The RAF Families Federation’s Dispersed Families Project utilised a range of research methods to examine the experiences of RAF families who live away from their Parent Unit. This snapshot report summarises the main benefits and challenges of dispersed living for RAF Serving Personnel and their families, as reported through responses to online surveys.
The RAF Families Federation’s Dispersed Families Project is an initiative funded by the Chancellor using LIBOR funds, and aims to improve understanding of the lived experience of dispersed families in the Royal Air Force. A series of online surveys for family members and Serving Personnel identified that this group were more likely to live in their own home than the RAF population as a whole, and appear to be less mobile as a result. However just over a quarter of survey respondents lived in Service Accommodation that was located at least 10 miles away from their Parent Unit. Reported benefits of dispersed living included home ownership, stability of family life, continuity of career for the non-Serving spouse or partner, and stability for children. Conversely, survey respondents were least positive about support for the family from the RAF, the amount of separation from their spouse/partner, household income and cost of living, and work life balance. Living away from the military community was seen as both a benefit and a challenge by respondents. This survey snapshot precedes a more comprehensive report, to include all research data including interviews and stakeholder surveys.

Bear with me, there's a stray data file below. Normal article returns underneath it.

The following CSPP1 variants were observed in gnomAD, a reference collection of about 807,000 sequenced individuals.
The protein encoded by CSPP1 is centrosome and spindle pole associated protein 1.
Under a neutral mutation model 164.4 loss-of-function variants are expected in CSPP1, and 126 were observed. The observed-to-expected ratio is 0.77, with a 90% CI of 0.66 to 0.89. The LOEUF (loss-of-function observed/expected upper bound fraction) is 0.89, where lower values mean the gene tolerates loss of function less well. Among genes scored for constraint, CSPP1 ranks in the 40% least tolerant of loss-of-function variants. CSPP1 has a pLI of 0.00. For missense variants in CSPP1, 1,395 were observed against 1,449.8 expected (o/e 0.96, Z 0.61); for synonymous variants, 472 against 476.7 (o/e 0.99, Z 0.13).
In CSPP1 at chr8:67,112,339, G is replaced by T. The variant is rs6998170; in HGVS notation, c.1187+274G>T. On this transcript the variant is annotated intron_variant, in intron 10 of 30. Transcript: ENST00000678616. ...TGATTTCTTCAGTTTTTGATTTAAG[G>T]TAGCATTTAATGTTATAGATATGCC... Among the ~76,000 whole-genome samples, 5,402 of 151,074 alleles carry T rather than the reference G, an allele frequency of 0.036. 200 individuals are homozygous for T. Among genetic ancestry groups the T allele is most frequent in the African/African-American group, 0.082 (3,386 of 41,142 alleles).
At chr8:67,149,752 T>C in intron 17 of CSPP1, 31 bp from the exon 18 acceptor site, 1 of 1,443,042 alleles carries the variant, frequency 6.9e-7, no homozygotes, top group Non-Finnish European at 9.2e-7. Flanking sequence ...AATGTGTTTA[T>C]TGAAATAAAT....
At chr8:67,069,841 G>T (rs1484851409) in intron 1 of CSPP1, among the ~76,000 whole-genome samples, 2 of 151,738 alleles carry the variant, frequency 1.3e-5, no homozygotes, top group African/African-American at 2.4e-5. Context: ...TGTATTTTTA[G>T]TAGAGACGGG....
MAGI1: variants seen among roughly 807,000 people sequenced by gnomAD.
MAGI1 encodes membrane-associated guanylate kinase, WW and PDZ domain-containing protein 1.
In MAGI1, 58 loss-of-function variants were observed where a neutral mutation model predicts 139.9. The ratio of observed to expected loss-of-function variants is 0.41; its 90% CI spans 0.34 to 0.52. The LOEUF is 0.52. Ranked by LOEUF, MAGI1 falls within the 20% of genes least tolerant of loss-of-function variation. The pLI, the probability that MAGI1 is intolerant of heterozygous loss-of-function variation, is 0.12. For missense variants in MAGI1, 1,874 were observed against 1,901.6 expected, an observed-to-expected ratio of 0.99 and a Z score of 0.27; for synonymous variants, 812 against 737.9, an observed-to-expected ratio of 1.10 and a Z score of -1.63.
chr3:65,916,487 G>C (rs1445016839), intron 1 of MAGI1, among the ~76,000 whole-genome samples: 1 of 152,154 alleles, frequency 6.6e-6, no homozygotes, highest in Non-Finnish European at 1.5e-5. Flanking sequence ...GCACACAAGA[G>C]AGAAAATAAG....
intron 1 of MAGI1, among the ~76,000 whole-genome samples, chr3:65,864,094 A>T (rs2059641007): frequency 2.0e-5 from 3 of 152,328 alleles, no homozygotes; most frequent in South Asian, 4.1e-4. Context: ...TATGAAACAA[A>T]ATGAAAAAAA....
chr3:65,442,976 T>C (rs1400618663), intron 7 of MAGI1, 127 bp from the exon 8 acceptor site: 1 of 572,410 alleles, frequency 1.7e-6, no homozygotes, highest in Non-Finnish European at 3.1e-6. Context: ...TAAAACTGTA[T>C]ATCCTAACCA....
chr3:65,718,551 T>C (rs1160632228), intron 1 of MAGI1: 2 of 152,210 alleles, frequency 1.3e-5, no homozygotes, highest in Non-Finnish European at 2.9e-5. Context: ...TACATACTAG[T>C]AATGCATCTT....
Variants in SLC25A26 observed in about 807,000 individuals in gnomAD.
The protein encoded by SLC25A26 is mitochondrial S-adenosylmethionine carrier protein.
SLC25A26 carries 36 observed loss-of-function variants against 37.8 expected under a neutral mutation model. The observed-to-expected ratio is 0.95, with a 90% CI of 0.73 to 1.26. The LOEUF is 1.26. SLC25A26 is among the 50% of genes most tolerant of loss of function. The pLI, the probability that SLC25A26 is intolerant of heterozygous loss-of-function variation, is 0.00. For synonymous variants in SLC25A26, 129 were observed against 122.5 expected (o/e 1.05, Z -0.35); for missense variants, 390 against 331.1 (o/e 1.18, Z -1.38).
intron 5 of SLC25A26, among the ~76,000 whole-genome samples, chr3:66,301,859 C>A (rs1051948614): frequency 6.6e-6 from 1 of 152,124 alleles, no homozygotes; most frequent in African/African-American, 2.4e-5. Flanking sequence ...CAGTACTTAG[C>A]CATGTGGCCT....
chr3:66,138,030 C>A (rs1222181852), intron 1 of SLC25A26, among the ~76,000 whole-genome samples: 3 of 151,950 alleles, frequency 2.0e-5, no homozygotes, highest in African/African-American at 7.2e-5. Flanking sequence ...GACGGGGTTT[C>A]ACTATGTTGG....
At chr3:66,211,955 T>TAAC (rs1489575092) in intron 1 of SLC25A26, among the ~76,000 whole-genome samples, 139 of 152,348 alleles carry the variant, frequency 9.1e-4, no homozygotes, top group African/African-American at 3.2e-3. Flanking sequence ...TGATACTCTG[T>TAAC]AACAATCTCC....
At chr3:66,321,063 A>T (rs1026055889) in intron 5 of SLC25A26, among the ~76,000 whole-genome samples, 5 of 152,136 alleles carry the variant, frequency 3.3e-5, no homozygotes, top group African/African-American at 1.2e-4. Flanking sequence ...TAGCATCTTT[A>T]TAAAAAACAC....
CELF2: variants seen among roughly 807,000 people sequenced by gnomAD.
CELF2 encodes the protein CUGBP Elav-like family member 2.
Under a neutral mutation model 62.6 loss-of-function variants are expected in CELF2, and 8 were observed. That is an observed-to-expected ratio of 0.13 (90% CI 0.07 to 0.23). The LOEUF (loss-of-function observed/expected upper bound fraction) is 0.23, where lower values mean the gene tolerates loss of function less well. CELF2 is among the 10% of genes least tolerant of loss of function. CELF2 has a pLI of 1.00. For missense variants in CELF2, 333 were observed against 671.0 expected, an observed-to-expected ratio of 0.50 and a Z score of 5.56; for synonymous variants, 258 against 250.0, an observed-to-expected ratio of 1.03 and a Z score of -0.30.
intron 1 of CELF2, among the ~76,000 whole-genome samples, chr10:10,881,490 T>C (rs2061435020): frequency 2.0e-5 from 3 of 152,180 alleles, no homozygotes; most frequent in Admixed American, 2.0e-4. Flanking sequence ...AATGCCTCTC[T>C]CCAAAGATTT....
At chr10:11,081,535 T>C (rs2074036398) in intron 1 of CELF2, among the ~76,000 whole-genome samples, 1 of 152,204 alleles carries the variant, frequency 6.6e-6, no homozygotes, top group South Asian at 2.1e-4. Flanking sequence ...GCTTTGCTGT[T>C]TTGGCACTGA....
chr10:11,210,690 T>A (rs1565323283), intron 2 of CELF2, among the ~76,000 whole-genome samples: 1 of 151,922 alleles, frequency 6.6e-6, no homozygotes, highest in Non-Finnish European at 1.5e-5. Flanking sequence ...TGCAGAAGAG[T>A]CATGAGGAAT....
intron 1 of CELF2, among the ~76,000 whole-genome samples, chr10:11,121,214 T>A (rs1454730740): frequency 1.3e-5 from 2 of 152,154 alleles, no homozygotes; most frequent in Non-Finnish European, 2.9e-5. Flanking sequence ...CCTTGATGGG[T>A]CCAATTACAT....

RAF Families Federation, 2019 [Online]. "Survey Snapshot: Benefits and Challenges of Dispersed Living". Available at: https://www.raf-ff.org.uk/publications/raf-ff-reports/.